The plot itself is almost confusingly complex, but slowly gels together as the story winds on and things start to make sense. And Sanderson paints the entire story in vivid, powerful prose ("His dreary feelings were like a black eel, coiled inside of him"). The one problem: it's so long and complex that casual readers will probably crumble after the first couple of chapters. This one needs some dedication.
And Sanderson shows his rare skill with characterization. He carefully fleshes out the main characters -- an aging warrior, a slave/soldier and a determined teenage girl -- and makes them all seem real and plausible. Kal is especially strong as a character, since Sanderson carefully develops the clash between his medical upbringing and his current job.
And there are countless striking supporting characters -- the young prince Adolin, the prickly and ruthless princess Jasnah, clever priests, and the acrobatic assassin Szeth, who is torn by his own crimes and sins.
"The Way of Kings" is a true epic -- grandiose, expansive, beautifully written... and only just the beginning of what is sure to be a vast, impressive series. It's a bit hard to just casually dip into, but the commitment is worth it.
on April 3, 2016
The quality of the book was wonderful when it arrived. Just like I bought it at a book store.
The story itself is top notch, probably my favourite book written in my life time and one of my favourite books of all time. The character development is incredible, the author put real time and energy into the characters. The same can be said for the plot itself, so rich in detail and solidly written to the point you are very engaged and just waiting for what will happen next with so much excitement. I highly recommend giving it a read. I bought it paperback and love so much I bought it hardcover.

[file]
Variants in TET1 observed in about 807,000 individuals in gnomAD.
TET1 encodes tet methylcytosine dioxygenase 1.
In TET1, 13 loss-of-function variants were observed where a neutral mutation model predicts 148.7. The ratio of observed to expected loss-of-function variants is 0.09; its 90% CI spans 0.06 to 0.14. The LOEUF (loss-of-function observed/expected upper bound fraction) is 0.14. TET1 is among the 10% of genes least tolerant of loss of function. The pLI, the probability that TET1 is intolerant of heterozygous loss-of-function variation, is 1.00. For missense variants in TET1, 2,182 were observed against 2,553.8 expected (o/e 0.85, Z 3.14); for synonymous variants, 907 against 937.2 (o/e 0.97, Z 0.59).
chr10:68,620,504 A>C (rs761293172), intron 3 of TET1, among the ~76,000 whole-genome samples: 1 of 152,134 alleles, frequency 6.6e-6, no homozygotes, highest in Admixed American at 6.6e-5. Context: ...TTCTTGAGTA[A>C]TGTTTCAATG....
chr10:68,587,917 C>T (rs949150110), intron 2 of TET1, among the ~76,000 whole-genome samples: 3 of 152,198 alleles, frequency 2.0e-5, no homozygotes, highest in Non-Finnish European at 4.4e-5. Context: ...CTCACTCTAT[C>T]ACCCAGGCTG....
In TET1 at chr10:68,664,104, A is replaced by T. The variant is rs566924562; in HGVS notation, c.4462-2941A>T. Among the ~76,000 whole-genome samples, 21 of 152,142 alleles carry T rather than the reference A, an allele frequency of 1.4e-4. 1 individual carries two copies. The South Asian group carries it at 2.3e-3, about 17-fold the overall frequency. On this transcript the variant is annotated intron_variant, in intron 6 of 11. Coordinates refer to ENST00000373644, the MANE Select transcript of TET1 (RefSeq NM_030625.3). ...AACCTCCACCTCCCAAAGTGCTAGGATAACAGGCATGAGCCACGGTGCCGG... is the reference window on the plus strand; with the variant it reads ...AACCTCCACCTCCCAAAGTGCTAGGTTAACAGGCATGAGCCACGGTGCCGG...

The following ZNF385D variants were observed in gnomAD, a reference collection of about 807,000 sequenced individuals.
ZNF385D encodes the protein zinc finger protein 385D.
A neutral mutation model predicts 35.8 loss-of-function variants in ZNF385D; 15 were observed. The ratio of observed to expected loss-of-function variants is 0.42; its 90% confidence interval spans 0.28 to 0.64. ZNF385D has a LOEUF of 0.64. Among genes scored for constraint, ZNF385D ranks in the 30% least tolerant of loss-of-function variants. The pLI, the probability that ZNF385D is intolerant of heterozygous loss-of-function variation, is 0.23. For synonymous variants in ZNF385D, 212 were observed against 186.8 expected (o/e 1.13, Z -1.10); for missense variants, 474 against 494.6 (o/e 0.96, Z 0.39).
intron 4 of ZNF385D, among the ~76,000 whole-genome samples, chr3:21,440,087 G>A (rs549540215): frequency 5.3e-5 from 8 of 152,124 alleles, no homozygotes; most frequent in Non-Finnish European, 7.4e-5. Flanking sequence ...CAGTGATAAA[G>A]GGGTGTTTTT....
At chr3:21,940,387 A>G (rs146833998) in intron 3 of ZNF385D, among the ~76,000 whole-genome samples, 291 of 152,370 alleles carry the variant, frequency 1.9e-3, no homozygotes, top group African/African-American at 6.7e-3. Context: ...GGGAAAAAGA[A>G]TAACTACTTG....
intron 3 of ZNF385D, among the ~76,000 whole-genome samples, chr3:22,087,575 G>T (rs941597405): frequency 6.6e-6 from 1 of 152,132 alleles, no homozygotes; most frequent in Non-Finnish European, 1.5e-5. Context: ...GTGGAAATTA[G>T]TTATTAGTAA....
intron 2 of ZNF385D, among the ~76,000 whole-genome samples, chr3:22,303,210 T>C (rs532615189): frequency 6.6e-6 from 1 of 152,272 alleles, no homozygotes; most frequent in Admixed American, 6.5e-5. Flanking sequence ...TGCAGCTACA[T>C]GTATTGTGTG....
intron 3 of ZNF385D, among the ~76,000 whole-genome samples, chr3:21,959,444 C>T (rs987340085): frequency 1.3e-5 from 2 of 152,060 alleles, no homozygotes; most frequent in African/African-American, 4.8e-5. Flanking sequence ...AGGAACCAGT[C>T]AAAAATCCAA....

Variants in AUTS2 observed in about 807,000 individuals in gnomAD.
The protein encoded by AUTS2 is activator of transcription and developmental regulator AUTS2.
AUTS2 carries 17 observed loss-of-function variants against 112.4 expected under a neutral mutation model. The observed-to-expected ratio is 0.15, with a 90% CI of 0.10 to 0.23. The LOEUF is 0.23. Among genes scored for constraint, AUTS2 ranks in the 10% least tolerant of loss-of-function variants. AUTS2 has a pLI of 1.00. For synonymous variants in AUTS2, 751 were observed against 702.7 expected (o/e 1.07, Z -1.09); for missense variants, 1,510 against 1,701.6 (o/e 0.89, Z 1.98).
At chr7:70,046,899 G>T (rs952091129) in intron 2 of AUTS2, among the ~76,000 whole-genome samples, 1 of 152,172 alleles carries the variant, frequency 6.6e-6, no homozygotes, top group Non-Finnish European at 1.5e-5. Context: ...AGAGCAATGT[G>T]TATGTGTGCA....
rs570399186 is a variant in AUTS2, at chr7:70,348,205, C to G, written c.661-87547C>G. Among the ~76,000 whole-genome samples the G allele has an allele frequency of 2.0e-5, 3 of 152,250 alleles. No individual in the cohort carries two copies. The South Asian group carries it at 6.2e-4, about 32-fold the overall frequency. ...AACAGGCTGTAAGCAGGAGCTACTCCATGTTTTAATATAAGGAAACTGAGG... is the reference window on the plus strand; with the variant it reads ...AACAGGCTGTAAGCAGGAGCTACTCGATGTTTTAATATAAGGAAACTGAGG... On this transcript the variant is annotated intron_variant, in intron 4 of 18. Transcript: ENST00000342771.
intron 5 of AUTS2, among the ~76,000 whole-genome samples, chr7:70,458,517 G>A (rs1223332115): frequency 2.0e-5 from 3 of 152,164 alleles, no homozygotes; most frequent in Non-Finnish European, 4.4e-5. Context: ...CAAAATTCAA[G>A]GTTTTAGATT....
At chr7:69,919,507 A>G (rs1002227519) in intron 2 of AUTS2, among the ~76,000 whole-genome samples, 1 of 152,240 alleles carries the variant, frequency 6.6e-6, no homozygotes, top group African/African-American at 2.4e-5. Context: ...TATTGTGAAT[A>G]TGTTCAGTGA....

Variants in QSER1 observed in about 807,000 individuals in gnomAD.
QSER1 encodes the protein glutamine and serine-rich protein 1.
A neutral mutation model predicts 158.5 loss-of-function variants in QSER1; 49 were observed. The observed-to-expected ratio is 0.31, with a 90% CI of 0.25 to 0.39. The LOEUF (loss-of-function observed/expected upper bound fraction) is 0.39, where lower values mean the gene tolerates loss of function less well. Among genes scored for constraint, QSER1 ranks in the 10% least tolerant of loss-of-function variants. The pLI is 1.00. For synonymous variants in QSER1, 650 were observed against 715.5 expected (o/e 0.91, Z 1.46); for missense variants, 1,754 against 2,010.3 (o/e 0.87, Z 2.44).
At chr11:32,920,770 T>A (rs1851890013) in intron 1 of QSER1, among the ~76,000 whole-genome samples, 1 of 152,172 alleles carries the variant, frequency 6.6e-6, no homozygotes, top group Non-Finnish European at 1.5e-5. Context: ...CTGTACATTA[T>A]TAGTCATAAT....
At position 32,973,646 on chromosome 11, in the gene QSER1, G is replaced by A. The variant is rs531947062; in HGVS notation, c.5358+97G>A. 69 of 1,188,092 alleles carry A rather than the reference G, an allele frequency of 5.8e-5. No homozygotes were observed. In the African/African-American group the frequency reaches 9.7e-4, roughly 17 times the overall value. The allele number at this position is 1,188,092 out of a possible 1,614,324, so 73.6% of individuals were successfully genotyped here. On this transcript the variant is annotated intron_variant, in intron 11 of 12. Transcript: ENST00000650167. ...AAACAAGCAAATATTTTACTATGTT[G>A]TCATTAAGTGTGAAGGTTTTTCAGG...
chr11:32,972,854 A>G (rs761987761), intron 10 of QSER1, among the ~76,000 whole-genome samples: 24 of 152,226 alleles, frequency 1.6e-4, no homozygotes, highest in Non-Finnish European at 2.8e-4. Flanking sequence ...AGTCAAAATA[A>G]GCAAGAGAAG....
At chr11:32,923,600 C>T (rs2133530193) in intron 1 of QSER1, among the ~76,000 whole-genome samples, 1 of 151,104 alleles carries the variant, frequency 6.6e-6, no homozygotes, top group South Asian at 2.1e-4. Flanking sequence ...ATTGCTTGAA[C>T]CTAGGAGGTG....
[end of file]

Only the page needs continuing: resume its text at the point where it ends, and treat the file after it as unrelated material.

on April 1, 2016
Sanderson has grown so much more masterful in such a short time! I cringed my way through Elantris, but recognized the beginnings of where his talents would lie. I was conflicted somewhat through the Mistborn trilogy, but satisfied with the level of the writing, even if I didn't love the rules of the universe he built. This one, however, hit my sweet spot! All of the characters and their separate storylines were equally riveting, and the anticipation of their crossing over in the book kept me glued to it. Highly recommend, and I am definitely starting book two immediately.
on January 7, 2014
The novel is typical Sanderson. Cool powers, dysfunctional political structure and a mystery that once unravelled that will explain how everything got so messed up. Anyway, these ingredients are mixed up in an interesting way once again to produce a solid piece of work. However, the characters did not capture me as well as they did in Warbreaker or the Mistworld saga. But still this a good read.
on August 8, 2016